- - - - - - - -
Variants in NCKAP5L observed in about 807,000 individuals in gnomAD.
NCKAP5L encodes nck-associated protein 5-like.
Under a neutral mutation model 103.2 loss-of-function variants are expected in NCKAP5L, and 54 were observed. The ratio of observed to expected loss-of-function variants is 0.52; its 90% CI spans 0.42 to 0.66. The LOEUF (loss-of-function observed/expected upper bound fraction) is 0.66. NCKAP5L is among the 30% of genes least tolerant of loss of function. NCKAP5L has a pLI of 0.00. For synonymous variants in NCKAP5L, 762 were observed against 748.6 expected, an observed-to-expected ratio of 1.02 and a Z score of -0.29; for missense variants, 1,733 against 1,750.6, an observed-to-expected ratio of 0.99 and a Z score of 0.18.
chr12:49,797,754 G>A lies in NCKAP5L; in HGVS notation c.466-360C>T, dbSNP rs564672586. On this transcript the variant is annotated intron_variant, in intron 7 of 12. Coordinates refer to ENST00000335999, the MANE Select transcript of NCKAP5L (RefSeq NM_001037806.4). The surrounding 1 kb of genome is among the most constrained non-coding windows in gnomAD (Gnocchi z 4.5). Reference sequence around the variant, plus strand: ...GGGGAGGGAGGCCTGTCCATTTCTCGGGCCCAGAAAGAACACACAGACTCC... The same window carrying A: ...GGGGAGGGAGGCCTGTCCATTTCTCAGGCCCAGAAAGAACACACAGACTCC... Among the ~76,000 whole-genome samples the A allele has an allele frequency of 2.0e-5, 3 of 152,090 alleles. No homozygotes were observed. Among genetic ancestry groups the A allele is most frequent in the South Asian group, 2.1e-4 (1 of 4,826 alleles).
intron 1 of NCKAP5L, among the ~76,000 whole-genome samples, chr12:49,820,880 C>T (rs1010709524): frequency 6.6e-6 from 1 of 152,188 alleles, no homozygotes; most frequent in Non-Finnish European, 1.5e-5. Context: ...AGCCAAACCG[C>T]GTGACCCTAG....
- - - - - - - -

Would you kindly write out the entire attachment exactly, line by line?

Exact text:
Variants in NCKAP5L observed in about 807,000 individuals in gnomAD.
NCKAP5L encodes nck-associated protein 5-like.
Under a neutral mutation model 103.2 loss-of-function variants are expected in NCKAP5L, and 54 were observed. The ratio of observed to expected loss-of-function variants is 0.52; its 90% CI spans 0.42 to 0.66. The LOEUF (loss-of-function observed/expected upper bound fraction) is 0.66. NCKAP5L is among the 30% of genes least tolerant of loss of function. NCKAP5L has a pLI of 0.00. For synonymous variants in NCKAP5L, 762 were observed against 748.6 expected, an observed-to-expected ratio of 1.02 and a Z score of -0.29; for missense variants, 1,733 against 1,750.6, an observed-to-expected ratio of 0.99 and a Z score of 0.18.
chr12:49,797,754 G>A lies in NCKAP5L; in HGVS notation c.466-360C>T, dbSNP rs564672586. On this transcript the variant is annotated intron_variant, in intron 7 of 12. Coordinates refer to ENST00000335999, the MANE Select transcript of NCKAP5L (RefSeq NM_001037806.4). The surrounding 1 kb of genome is among the most constrained non-coding windows in gnomAD (Gnocchi z 4.5). Reference sequence around the variant, plus strand: ...GGGGAGGGAGGCCTGTCCATTTCTCGGGCCCAGAAAGAACACACAGACTCC... The same window carrying A: ...GGGGAGGGAGGCCTGTCCATTTCTCAGGCCCAGAAAGAACACACAGACTCC... Among the ~76,000 whole-genome samples the A allele has an allele frequency of 2.0e-5, 3 of 152,090 alleles. No homozygotes were observed. Among genetic ancestry groups the A allele is most frequent in the South Asian group, 2.1e-4 (1 of 4,826 alleles).
intron 1 of NCKAP5L, among the ~76,000 whole-genome samples, chr12:49,820,880 C>T (rs1010709524): frequency 6.6e-6 from 1 of 152,188 alleles, no homozygotes; most frequent in Non-Finnish European, 1.5e-5. Context: ...AGCCAAACCG[C>T]GTGACCCTAG....